Perpendicular recording

Toshiba Corporation has unvieled what it claims are the world’s first hard disk drives based on perpendicular recording, a technology that boosts the capacity of a single 1.8-inch hard-disk platter to 40 gigabytes.


Toshiba Corporation has unvieled what it claims are the world’s first hard disk drives (HDD) based on perpendicular recording, a technology that boosts the capacity of a single 1.8-inch hard-disk platter to 40 gigabytes.


Toshiba has brought the new technology to two high capacity drives: the MK4007GAL HDD packs 40GB into a drive only five millimeters thick, while the MK8007GAH achieves a capacity of 80GB – the largest capacity yet achieved in the 1.8-inch form factor.


Toshiba plans to start mass production of the 40GB and 80GB drives in the first and second quarters, respectively, of the fiscal year starting April 1, 2005.


For the new drives, Toshiba developed a new magnetic disk structured to support perpendicular recording, a new high performance perpendicular magnetic head, and disk and head integration technology that maximizes their combined performance.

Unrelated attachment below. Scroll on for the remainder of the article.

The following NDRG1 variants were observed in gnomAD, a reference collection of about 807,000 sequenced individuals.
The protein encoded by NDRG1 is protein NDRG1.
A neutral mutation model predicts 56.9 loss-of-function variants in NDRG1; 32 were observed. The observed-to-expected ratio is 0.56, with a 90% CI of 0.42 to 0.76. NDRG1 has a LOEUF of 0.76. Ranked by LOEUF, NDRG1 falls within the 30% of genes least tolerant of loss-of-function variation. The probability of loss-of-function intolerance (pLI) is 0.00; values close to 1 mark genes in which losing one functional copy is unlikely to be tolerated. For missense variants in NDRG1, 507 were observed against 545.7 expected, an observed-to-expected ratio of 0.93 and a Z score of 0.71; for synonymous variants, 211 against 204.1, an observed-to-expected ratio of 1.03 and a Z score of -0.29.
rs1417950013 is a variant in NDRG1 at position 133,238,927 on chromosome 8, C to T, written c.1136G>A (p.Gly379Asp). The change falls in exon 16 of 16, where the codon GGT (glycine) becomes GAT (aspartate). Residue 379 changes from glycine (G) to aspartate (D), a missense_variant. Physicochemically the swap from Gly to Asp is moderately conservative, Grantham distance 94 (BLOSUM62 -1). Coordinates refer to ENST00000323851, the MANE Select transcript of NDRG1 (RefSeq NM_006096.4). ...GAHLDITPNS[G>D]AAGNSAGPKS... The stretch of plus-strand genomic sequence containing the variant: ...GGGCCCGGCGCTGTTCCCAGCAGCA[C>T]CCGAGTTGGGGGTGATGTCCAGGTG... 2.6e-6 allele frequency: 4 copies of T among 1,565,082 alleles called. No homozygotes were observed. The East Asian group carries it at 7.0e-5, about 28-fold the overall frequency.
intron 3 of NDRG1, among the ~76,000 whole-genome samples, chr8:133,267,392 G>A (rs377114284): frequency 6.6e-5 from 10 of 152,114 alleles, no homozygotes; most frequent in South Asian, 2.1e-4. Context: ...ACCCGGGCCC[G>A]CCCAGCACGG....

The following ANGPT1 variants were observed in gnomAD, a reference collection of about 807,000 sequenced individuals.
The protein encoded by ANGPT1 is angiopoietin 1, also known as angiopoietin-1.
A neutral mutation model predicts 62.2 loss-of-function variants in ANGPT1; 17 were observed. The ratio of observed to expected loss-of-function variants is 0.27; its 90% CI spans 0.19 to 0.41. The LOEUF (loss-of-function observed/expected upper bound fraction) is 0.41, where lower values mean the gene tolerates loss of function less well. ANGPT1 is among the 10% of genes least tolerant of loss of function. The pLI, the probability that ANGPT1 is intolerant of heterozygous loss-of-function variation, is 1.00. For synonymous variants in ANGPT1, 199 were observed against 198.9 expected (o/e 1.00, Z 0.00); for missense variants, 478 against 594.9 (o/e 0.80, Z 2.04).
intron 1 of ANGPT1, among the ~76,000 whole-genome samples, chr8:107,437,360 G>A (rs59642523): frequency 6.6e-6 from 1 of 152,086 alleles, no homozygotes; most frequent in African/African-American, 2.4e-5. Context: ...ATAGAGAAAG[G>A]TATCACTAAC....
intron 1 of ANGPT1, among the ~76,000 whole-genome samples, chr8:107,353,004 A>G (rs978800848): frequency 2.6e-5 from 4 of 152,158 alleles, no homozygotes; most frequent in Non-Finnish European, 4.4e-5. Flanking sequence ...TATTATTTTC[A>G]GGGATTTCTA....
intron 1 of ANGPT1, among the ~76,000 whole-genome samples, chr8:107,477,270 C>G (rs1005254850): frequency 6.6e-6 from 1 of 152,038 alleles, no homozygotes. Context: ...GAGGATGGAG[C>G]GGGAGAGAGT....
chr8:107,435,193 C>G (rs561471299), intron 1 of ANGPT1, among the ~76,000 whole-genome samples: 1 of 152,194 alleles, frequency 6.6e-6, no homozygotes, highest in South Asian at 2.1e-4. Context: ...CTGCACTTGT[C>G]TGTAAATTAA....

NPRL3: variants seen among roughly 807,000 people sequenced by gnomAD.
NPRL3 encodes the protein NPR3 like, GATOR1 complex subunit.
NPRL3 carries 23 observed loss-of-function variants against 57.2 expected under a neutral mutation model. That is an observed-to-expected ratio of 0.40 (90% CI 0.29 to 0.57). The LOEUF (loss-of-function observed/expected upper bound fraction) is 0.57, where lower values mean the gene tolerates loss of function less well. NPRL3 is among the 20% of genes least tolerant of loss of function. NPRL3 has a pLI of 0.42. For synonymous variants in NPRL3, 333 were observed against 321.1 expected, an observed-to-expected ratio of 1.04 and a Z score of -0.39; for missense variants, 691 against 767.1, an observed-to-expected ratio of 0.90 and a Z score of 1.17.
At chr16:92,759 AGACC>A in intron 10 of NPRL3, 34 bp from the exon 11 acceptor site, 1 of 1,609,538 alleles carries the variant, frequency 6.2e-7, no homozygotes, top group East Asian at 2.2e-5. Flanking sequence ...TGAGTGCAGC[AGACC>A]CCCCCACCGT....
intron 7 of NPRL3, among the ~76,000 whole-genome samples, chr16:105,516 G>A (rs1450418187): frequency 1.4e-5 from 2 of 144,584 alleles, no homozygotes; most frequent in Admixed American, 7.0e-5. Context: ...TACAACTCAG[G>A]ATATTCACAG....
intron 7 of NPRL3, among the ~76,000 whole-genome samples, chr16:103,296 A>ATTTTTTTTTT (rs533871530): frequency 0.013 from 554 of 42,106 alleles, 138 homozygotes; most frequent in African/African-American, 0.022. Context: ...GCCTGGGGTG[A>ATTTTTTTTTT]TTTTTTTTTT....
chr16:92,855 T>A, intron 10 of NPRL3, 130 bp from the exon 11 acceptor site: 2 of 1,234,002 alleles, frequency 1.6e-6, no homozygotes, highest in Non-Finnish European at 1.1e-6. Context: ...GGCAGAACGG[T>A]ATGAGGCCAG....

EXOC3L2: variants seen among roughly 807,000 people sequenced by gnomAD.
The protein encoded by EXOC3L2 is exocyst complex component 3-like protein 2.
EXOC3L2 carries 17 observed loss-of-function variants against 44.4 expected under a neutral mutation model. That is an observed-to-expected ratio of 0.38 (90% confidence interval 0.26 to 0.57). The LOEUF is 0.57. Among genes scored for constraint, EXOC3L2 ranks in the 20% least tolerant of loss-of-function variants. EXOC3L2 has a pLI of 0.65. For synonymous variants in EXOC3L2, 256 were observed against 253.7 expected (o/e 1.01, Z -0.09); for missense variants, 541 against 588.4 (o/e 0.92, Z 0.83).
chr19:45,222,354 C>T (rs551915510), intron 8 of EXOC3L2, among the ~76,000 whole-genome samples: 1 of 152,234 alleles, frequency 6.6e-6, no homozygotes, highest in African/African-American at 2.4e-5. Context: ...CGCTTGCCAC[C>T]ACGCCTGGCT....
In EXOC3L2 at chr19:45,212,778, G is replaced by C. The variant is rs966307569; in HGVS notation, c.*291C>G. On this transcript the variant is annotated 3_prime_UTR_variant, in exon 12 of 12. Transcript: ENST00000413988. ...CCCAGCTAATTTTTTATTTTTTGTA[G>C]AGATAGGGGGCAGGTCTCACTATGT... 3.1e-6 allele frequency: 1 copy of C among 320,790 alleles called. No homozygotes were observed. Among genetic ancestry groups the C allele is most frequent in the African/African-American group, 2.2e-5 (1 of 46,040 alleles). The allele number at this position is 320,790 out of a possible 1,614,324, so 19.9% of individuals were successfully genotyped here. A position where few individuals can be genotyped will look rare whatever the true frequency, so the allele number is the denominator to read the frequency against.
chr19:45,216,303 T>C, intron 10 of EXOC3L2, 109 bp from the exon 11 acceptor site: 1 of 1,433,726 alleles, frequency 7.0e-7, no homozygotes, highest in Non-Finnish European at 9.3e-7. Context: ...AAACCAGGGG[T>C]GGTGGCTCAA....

Conventional longitudinal recording stores data on a magnetic disk as microscopic magnet bits aligned in plane. Although advances in magnetic coatings continue to improve data recording densities on HDD, the magnetic bits repulse each other due to in-plane alignment. Squeezing more bits on to a disk will eventually reach a point where crowding degrades recorded bit quality. This places fast-approaching limits on storage capacities.


By standing the magnetic bits on end, perpendicular recording reinforces magnetic coupling between neighbouring bits, achieving stable higher recording densities and improved storage capacity.


Toshiba’s new HDDs achieve the highest areal density yet reported, 206 megabits per square millimeter (133 gigabits per square inch). The 40GB platter capacity is 33% more than that of Toshiba’s conventional HDD.


Toshiba will also apply the new technology to the 0.85-inch HDD that it announced in January this year, a move that will push capacity to 6 to 8GB per platter.



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